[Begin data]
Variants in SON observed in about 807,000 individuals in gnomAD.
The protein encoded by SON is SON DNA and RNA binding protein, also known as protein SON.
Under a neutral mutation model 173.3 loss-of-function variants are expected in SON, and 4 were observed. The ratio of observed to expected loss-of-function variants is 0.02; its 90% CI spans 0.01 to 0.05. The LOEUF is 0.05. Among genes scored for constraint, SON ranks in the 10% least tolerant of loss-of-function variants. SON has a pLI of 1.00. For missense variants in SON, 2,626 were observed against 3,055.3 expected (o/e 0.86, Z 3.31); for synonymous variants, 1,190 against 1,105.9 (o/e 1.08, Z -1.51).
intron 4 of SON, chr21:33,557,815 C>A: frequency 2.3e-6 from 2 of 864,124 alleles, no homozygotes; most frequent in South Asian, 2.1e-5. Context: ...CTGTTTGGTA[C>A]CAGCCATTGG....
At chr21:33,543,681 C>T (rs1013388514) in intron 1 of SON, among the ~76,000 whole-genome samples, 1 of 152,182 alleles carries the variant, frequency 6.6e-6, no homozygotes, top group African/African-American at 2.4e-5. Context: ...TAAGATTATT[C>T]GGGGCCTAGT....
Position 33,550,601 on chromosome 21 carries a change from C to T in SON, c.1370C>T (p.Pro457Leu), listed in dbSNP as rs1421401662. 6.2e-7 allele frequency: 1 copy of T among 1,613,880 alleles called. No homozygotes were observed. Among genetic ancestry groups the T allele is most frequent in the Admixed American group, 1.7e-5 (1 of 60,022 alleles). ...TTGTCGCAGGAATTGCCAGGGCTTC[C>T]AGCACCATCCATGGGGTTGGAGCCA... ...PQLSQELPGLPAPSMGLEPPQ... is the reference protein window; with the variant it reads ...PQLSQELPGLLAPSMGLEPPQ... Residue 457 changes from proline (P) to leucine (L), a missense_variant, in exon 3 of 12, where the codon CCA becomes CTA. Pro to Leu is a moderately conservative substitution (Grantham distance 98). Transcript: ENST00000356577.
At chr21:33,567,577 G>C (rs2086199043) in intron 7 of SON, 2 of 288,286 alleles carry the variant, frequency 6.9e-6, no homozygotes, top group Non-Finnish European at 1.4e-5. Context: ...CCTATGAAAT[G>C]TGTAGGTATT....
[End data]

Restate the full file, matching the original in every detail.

Variants in SON observed in about 807,000 individuals in gnomAD.
The protein encoded by SON is SON DNA and RNA binding protein, also known as protein SON.
Under a neutral mutation model 173.3 loss-of-function variants are expected in SON, and 4 were observed. The ratio of observed to expected loss-of-function variants is 0.02; its 90% CI spans 0.01 to 0.05. The LOEUF is 0.05. Among genes scored for constraint, SON ranks in the 10% least tolerant of loss-of-function variants. SON has a pLI of 1.00. For missense variants in SON, 2,626 were observed against 3,055.3 expected (o/e 0.86, Z 3.31); for synonymous variants, 1,190 against 1,105.9 (o/e 1.08, Z -1.51).
intron 4 of SON, chr21:33,557,815 C>A: frequency 2.3e-6 from 2 of 864,124 alleles, no homozygotes; most frequent in South Asian, 2.1e-5. Context: ...CTGTTTGGTA[C>A]CAGCCATTGG....
At chr21:33,543,681 C>T (rs1013388514) in intron 1 of SON, among the ~76,000 whole-genome samples, 1 of 152,182 alleles carries the variant, frequency 6.6e-6, no homozygotes, top group African/African-American at 2.4e-5. Context: ...TAAGATTATT[C>T]GGGGCCTAGT....
Position 33,550,601 on chromosome 21 carries a change from C to T in SON, c.1370C>T (p.Pro457Leu), listed in dbSNP as rs1421401662. 6.2e-7 allele frequency: 1 copy of T among 1,613,880 alleles called. No homozygotes were observed. Among genetic ancestry groups the T allele is most frequent in the Admixed American group, 1.7e-5 (1 of 60,022 alleles). ...TTGTCGCAGGAATTGCCAGGGCTTC[C>T]AGCACCATCCATGGGGTTGGAGCCA... ...PQLSQELPGLPAPSMGLEPPQ... is the reference protein window; with the variant it reads ...PQLSQELPGLLAPSMGLEPPQ... Residue 457 changes from proline (P) to leucine (L), a missense_variant, in exon 3 of 12, where the codon CCA becomes CTA. Pro to Leu is a moderately conservative substitution (Grantham distance 98). Transcript: ENST00000356577.
At chr21:33,567,577 G>C (rs2086199043) in intron 7 of SON, 2 of 288,286 alleles carry the variant, frequency 6.9e-6, no homozygotes, top group Non-Finnish European at 1.4e-5. Context: ...CCTATGAAAT[G>C]TGTAGGTATT....